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ending extreme poverty

Tony Atkinson (1944 – 2017) and the measurement of global poverty

Francisco Ferreira's picture

Sir Anthony Atkinson, who was Centennial Professor at the London School of Economics and Fellow of Nuffield College at Oxford, passed away on New Year’s Day, at the age of 72. Tony was a highly distinguished economist: He was a Fellow of the British Academy and a past president of the Econometric Society, the European Economic Association, the International Economic Association and the Royal Economic Society.  He was also an exceedingly decent, kind and generous man.

Although his contributions to economics are wide-ranging, his main field was Public Economics. He was an editor of the Journal of Public Economics for 25 years, and his textbook “Lectures on Public Economics”, co-authored with Joe Stiglitz in 1980, remains a key reference for graduate students to this day. Within the broad field of public economics, Tony published path-breaking work on the measurement, causes and consequences of poverty and inequality – from his early work on Lorenz dominance in 1970, all the way to his more recent joint work with Piketty, Saez and others on the study of top incomes. Over his 50-year academic career, he taught, supervised and examined a large number of PhD students, some of whom came to work at the World Bank at some point in their careers.

Let’s take on inequality seriously, seriously

Mario Negre's picture

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As we worked on a new World Bank flagship report that provides the latest and most accurate estimates on trends in global poverty and shared prosperity, it became apparent as to what we wanted for the title - Poverty and Shared Prosperity 2016: Taking on Inequality.

Because in our minds it became clear that inequality is becoming increasingly critical to meeting the World Bank’s goals of ending poverty and sharing prosperity. In fact, we find that tackling inequality will make or break the goal of ending poverty by 2030.

An End to Extreme Poverty

Demography should guide policies in the world’s centers of poverty and fragility

Hans Lofgren's picture
What role could demographic policy play in the countries with the highest poverty rates and the lowest level of human development, which often also suffer most from conflict and violence? A crucial role.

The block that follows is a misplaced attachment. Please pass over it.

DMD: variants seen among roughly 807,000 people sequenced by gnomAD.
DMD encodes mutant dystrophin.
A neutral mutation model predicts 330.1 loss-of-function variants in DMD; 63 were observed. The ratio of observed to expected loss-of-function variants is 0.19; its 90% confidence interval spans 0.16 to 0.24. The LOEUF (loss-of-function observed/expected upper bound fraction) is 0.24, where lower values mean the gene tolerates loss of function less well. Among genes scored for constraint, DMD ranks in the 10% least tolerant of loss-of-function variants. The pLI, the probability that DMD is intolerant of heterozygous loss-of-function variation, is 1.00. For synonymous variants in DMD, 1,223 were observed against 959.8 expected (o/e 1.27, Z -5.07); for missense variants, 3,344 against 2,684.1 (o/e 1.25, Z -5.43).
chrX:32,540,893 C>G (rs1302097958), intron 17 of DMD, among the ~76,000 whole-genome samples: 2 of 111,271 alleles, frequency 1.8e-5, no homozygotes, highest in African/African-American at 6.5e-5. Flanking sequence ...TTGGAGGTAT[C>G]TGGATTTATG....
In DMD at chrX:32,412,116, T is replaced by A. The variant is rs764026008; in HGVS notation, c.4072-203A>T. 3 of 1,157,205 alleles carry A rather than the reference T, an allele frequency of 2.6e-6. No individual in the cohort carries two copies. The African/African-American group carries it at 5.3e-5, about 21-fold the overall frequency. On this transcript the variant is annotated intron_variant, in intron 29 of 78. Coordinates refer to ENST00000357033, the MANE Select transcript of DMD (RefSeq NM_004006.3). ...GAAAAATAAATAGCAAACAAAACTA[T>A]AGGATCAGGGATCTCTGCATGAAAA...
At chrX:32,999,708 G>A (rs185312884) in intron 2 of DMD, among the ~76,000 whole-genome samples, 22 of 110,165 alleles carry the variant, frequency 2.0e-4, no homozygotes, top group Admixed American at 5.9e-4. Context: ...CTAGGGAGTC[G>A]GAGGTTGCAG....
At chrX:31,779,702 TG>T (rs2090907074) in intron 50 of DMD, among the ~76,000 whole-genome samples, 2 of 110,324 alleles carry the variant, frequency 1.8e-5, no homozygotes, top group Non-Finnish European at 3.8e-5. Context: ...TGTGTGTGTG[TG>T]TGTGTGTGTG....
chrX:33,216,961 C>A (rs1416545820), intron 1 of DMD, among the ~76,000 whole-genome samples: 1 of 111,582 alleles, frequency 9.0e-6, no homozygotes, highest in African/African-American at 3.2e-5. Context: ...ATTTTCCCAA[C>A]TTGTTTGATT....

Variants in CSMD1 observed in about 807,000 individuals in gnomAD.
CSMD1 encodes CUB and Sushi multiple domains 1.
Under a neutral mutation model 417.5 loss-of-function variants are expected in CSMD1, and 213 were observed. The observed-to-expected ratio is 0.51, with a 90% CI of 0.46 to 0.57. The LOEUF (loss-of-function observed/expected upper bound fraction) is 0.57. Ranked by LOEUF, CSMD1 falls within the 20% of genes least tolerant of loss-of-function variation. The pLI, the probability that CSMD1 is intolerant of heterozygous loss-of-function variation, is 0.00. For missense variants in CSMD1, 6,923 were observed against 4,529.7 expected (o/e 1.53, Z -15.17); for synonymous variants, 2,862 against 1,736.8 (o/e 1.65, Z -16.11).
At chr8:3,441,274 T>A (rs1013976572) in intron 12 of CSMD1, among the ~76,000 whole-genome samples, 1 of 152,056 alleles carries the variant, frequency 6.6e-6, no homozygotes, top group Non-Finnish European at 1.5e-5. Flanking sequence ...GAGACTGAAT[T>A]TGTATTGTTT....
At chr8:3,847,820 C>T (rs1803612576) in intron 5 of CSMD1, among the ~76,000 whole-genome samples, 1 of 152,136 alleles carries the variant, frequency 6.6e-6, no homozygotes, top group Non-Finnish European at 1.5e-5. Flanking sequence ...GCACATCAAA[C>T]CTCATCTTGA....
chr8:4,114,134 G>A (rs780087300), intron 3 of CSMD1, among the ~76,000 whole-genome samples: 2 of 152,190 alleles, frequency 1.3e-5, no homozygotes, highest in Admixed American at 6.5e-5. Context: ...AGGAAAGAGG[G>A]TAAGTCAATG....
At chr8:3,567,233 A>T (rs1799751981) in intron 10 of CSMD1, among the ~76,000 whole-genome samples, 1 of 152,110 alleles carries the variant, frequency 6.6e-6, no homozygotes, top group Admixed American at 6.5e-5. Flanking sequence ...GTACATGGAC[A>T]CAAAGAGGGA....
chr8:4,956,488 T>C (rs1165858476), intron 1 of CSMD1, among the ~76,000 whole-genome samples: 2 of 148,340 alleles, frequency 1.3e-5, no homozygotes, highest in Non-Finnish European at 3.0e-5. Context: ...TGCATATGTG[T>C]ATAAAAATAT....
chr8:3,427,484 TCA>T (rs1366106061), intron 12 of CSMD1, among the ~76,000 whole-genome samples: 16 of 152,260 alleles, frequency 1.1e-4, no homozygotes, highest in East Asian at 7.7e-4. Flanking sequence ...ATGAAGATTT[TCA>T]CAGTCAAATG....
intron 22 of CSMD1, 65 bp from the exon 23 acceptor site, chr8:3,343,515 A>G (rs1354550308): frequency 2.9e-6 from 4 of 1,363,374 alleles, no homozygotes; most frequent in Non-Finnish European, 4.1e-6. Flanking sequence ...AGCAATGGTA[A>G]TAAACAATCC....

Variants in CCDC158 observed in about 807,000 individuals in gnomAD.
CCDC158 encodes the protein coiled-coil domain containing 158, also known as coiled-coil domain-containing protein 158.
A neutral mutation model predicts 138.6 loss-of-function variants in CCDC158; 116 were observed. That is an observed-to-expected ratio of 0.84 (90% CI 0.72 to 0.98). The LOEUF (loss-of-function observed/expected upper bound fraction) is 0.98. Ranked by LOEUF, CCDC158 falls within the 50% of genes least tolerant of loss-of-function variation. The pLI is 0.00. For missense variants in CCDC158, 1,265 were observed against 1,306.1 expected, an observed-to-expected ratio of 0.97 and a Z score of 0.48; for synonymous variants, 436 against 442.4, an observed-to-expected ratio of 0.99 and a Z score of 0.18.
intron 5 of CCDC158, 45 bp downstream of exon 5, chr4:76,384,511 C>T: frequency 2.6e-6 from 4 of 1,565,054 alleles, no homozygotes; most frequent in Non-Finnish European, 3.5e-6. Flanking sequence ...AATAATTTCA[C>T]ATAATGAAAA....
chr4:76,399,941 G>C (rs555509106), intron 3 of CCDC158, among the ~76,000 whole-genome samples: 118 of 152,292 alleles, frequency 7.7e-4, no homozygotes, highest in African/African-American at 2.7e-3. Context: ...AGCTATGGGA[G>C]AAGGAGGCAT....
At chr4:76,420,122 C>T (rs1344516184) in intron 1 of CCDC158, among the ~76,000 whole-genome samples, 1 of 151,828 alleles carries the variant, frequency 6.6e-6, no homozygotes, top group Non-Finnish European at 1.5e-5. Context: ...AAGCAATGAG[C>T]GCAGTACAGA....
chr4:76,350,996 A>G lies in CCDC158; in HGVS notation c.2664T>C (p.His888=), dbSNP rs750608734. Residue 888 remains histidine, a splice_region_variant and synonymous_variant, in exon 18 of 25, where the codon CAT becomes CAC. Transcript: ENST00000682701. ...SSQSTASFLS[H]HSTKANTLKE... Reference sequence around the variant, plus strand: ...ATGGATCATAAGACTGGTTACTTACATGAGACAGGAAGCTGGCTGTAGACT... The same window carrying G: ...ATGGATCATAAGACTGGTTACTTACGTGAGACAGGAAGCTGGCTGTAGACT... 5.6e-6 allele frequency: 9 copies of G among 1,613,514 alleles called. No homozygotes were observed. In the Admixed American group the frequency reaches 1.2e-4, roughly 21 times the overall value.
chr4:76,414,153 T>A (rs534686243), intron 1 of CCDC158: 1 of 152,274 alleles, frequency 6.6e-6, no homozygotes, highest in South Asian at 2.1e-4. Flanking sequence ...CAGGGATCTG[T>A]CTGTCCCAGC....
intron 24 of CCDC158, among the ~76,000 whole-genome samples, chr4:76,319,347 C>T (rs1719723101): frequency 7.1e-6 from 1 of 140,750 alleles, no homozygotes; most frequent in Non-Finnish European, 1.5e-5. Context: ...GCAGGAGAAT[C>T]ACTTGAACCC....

This is a key message in the Global Monitoring Report 2015/2016 – Development Goals in an Era of Demographic Change, recently issued by the World Bank and the IMF. The countries in this category are labeled “pre-dividend,” (see Figure 1); two thirds of the world’s countries most affected by fragility, conflict and violence belong to this group.

Figure 1. Global Monitoring Report Demographic Country Typology: Pre-dividend countries.
Source: World Bank. 2015. Global Monitoring Report.

The three major challenges to ending extreme poverty

Marcio Cruz's picture
As the latest Global Monitoring Report (GMR) finds, the global poverty rate is expected to fall into the single digits for the first time in 2015 at 9.6 percent. While this is good news, when we look ahead, three major challenges stand out for development: the depth of remaining poverty, the unevenness in shared prosperity, and the persistent disparities in the non-income dimensions of development.

The world is about as poor as we thought, and the fight to end poverty remains ambitious

Espen Beer Prydz's picture
World Bank estimates of global extreme poverty rely on many different data sources – among these are the price data that measure differences in the cost of purchasing a bundle of goods across countries. This measure of purchasing power parity (PPP) is used to ensure that the international poverty line reflects the same real standard of living across countries. Last year, the International Comparison Program (ICP) released PPP data from 2011, the first global update since the 2005 round.